If director Stéphane Brizé loved a slice of heart-string-tugging cinema, or sentimental story-telling, then you wouldn’t possibly know given his latest movie, The Measure of a Man, which plays any dramatic struggle or conflict as it would look on paper. What you see is what you get. And while countless other movies have delved into the subjects of a struggling man, poverty, family hardship, going to a job that sucks, with a handful of emotive filmic aids, Brizé gets a gritter, more honest feel by allowing us to loiter as men discuss the decline of work, a disabled son tries to riddle his parents, various shoppers and employees interrogated by management.
In a new role as a security officer, keeping eyes peeled and assisting some disciplinary meetings, Thierry, beyond 50, is fed-up and frustrated. We don’t know exactly how his life has gone by over the years, but Vincent Lindon’s face tell us Thierry’s recent spell of unemployment has taken it’s toll on his confidence and faith in himself, and the job marketplace. A brewing, commanding performance from Lindon (Best Actor winner at Cannes and the César Awards), his subtlety portrays a man who just keeps on going. Doing what he has to do. Often painful to watch, anyone who appreciates the turbulence of working class woes will truly feel for Thierry during his awkward work meetings and character assassination during a session were his demeanor and résumé come under some stick.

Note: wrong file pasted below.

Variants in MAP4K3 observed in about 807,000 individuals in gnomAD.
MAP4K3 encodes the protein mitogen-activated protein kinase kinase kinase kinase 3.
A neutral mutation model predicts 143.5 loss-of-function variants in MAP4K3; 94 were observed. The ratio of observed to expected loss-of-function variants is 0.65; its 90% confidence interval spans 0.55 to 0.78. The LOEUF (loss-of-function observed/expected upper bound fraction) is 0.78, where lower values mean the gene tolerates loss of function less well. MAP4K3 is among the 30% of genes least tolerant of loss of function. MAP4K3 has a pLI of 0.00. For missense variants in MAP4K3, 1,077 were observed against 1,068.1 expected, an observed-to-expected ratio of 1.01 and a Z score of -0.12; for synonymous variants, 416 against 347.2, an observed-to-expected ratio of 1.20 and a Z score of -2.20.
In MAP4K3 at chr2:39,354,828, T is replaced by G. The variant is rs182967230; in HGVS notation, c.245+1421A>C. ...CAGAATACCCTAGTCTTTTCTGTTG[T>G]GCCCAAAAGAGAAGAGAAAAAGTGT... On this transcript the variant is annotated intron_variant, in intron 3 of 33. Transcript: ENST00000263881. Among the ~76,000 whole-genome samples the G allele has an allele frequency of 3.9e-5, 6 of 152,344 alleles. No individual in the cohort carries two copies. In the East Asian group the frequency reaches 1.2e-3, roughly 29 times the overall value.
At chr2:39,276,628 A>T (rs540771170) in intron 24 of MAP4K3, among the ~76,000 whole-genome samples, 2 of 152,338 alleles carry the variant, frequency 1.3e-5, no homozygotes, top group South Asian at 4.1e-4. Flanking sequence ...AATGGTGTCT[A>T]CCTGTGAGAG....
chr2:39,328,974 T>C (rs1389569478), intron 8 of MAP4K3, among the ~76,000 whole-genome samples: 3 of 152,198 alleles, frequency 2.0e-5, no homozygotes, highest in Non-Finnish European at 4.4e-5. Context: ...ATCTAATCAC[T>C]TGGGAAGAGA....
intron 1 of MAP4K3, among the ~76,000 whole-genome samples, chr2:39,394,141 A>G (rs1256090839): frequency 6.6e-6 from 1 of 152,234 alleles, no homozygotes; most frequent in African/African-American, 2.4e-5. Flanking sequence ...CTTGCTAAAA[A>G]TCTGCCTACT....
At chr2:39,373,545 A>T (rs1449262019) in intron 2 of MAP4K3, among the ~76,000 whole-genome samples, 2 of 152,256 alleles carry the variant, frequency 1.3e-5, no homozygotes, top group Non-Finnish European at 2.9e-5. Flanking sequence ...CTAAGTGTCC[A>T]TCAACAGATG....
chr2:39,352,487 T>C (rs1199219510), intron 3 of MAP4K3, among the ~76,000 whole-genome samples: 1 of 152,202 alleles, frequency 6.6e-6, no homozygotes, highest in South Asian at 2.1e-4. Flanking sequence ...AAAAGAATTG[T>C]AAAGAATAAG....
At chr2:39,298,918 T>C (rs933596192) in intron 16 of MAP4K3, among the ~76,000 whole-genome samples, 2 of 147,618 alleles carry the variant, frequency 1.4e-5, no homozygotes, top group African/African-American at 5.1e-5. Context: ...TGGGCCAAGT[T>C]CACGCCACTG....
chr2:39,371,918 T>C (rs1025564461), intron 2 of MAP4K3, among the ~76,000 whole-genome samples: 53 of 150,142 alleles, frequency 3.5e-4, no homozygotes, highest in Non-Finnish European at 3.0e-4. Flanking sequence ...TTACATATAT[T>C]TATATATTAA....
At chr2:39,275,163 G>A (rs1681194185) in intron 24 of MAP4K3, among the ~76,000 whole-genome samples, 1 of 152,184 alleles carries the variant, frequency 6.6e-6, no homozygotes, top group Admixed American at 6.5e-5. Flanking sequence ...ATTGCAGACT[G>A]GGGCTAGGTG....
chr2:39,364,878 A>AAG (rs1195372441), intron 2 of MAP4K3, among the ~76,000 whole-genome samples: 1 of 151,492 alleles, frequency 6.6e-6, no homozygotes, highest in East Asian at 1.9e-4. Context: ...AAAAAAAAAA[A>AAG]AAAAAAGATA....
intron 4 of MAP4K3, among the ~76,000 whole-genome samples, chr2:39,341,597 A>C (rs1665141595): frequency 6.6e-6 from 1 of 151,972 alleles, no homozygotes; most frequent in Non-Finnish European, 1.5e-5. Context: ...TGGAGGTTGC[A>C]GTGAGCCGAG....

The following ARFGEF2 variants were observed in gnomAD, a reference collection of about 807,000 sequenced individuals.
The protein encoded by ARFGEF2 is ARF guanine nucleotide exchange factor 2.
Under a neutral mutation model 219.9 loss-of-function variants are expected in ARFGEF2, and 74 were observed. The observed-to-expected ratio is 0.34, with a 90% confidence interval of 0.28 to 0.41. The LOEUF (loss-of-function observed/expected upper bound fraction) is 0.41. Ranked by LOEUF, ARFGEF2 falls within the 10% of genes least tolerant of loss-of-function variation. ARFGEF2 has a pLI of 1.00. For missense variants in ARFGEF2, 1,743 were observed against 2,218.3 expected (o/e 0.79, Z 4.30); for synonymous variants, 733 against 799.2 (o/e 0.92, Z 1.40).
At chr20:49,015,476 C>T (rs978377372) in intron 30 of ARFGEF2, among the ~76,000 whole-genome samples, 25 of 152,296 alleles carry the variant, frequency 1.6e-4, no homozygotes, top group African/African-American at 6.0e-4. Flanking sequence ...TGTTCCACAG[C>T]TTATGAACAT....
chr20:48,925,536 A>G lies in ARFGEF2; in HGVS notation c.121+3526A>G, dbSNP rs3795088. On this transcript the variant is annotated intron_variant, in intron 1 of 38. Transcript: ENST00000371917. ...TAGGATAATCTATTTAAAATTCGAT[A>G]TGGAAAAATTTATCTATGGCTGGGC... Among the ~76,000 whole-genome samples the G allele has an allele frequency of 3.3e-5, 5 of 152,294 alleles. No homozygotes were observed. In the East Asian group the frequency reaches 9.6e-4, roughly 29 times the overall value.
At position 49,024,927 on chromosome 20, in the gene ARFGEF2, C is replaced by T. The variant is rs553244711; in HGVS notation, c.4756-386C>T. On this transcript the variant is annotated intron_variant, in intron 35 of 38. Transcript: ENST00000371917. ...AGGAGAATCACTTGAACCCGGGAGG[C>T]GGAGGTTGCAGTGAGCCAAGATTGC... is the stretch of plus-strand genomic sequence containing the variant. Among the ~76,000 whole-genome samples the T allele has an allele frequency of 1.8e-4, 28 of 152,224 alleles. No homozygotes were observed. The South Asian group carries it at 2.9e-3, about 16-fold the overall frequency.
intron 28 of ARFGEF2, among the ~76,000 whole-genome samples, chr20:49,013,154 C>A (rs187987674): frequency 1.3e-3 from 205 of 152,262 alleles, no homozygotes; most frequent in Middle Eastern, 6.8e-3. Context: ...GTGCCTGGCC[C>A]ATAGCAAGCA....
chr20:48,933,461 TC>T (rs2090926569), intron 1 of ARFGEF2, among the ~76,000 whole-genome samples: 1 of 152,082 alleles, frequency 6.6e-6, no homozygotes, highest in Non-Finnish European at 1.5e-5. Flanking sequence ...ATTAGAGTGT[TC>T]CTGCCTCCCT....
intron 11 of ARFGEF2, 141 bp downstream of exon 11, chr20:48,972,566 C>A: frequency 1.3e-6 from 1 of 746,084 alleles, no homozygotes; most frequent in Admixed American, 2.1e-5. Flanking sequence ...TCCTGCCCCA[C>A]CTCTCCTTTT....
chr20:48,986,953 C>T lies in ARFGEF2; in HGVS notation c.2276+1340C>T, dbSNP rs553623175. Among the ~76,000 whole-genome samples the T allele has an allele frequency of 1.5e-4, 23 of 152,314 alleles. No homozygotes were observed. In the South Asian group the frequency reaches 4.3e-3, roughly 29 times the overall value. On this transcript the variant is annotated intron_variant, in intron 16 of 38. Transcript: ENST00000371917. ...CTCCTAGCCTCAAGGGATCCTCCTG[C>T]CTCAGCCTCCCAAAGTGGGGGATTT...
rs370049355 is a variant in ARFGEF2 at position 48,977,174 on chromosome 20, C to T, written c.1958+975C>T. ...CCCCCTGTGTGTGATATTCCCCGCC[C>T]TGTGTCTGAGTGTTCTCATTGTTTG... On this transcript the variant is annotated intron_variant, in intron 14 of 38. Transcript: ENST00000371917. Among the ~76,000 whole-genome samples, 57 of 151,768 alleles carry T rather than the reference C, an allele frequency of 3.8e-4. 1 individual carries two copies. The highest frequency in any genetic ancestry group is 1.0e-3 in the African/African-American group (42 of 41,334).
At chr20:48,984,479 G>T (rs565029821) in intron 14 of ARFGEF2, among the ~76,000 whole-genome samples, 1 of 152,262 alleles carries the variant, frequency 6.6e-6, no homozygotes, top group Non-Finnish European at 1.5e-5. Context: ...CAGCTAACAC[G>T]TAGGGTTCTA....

The Measure of a Man is an intrusive, observational drama of the tough everyday, but so voyeuristic at times with little drama or action the movie threatens to disappear altogether. Like a flat documentary that will fade from you should you not engage in its subject matter. It is certainly not for the audience that craves melodrama, twists, or indeed a tear-jerker. That is to say that often the measure of a movie has to incorporate some semblance of plot and captivation. Saying that, Brizé probably got what he set out in the first place, but he knows very well this is not going to be for everyone.